Today I learned that you could sign your Git commits not only via a gpg key but also via a ssh key. Let’s see how.
GPG keys and Git signing
I’ve never had the rigor to use a maintain a gpg key over the years. For some reasons, I’ve always found it too cumbersome.
On the other hand, I’ve managed my ssh keys pretty well (you better be to log into remote machines, right?). I’ve been working on a small project for my French podcast Les Cast Codeurs where the main maintainer is enforcing commit signing. That’s a good thing but I felt like one more thing between me a success! So I investigated how to do SSH signing.
How to set up ssh signing for your git project
Without further due
git config user.name "Emmanuel Bernard"
git config user.email "firstname.lastname@example.org"
git config user.signingkey "~/.ssh/id_mykey.pub"
git config gpg.format ssh
git config commit.gpgsign true
git config tag.gpgsign true
git config gpg.ssh.allowedSignersFile "~/.config/git/allowed_signers"
git config can be set to
git config --global if you want to apply the setting all your git repos by default (on that machine anyways).
user.name is useful for aesthetic reasons.
user.email is useful to match the key as we will see later and I think GitHub might use the email for some mapping.
user.signingkey is the SSH key you want to use to sign.
You can use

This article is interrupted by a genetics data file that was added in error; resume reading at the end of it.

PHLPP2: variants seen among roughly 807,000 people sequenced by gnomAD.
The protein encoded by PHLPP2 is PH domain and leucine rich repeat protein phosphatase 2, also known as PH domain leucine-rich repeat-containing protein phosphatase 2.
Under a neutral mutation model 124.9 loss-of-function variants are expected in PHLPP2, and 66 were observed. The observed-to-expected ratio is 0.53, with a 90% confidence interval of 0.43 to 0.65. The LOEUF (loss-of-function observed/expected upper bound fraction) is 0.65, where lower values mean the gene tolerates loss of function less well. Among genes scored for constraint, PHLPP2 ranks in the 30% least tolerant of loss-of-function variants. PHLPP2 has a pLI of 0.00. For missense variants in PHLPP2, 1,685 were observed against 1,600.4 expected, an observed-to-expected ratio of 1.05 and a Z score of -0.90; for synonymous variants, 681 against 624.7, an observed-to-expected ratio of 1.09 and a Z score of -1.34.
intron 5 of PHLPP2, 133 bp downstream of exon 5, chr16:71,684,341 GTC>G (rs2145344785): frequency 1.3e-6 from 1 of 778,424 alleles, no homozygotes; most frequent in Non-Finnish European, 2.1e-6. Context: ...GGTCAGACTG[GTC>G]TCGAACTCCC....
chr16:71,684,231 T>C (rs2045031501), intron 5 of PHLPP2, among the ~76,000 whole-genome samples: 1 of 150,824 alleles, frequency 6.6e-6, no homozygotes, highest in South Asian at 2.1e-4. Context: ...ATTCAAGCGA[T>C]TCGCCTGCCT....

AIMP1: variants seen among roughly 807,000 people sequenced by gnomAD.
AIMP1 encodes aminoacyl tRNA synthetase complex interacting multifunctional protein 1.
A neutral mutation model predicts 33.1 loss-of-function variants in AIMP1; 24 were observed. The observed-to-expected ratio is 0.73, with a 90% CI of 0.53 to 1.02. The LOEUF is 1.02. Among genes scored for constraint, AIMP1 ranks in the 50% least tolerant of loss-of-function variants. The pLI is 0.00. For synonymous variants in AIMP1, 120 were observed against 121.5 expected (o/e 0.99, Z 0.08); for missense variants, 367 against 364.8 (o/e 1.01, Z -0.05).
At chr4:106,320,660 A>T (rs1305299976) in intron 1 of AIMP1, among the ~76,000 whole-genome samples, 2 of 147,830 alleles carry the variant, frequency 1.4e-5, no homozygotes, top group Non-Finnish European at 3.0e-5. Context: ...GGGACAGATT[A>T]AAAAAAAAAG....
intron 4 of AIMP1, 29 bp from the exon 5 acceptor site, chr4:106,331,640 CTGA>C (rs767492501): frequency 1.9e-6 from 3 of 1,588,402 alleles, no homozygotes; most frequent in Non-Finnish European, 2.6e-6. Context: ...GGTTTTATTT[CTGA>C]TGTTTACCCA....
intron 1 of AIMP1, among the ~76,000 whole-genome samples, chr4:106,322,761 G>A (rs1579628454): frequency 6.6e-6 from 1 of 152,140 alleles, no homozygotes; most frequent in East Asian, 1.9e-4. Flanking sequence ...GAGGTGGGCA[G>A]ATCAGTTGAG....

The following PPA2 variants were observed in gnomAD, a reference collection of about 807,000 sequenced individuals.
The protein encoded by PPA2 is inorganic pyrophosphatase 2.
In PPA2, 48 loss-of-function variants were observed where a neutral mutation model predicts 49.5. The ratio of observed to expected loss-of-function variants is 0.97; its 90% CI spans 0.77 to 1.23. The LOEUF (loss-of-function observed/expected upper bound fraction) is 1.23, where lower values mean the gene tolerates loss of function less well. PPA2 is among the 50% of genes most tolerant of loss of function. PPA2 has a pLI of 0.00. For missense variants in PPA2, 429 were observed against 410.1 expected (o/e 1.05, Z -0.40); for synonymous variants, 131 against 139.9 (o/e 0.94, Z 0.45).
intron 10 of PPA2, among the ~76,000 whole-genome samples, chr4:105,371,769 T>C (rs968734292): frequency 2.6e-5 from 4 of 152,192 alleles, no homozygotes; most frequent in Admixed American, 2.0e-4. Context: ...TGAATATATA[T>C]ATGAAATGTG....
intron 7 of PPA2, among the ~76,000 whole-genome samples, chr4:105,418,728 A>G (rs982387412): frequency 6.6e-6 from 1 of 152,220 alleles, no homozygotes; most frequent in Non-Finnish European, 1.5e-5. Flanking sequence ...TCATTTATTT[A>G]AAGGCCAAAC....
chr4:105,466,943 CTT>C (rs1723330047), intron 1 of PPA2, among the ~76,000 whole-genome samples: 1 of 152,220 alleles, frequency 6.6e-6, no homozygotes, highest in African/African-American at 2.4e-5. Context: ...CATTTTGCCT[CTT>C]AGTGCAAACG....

ssh-agent to avoid being asked your password for every commit.
Speaking of, you can point to your public key and Git will find the private one through ssh-agent.
I was initially puzzled because with the public key, you cannot sign, just verify a signature.
Thanks Nico for this riddle.
gpg.format is where the magic happens, instead of using gpg, it will look for the ssh format.
tag.gpgsign are optional and will simply sign all commits by default.
If you don’t, you need to add
-S to your operations:
git commit -a -S "Add documentation"
We now have signed but how do we verify?
GitHub can mark commits as verified if you give it the (public) ssh key you plan to commit with. Go to settings, SSH and GPG keys, and add a new SSH key by selecting the key type Signing key. You can use the same SSH key to ssh into GitHub (authentication key) and to sign but you need to register it twice (once under each category) explicitly.
Boom, your commits will be nicely marked
What’s good with GPG is that there is a notion of ring of trusted keys, no so much with SSH keys. To circumvent that, you can create a file containing all the SSH keys you want trusted.
gpg.ssh.allowedSignersFile is that file reference.
The file itself should contain the email (used to sign commits as) followed by the key type and then the key.
email@example.com ssh-ed25519 AAAAC3NzaC1lZDI1NTE5AAAAIK0wmN/Cr3JXqmLW7u+g9pTh+wyqDHpSQEIQczXkVx9q firstname.lastname@example.org
Next, you can run
git log --show-signature which will display validated signatures.
If you don’t you will get an error message :
error: gpg.ssh.allowedSignersFile needs to be configured and exist for ssh signature verification.
$git show --show-signature
commit fd2eb29c9dedd44b096e7e73463a94d831d8b994 (HEAD -> main)
Good "git" signature for email@example.com with RSA key SHA256:j6IC35JvTZtbXvRcdOtZzGZjjADM5mvtTqhS8QT+VFo
Author: Emmanuel Bernard <firstname.lastname@example.org>
Date: Mon Nov 27 15:06:32 2023 +0100
That’s it and is easy enough to set up.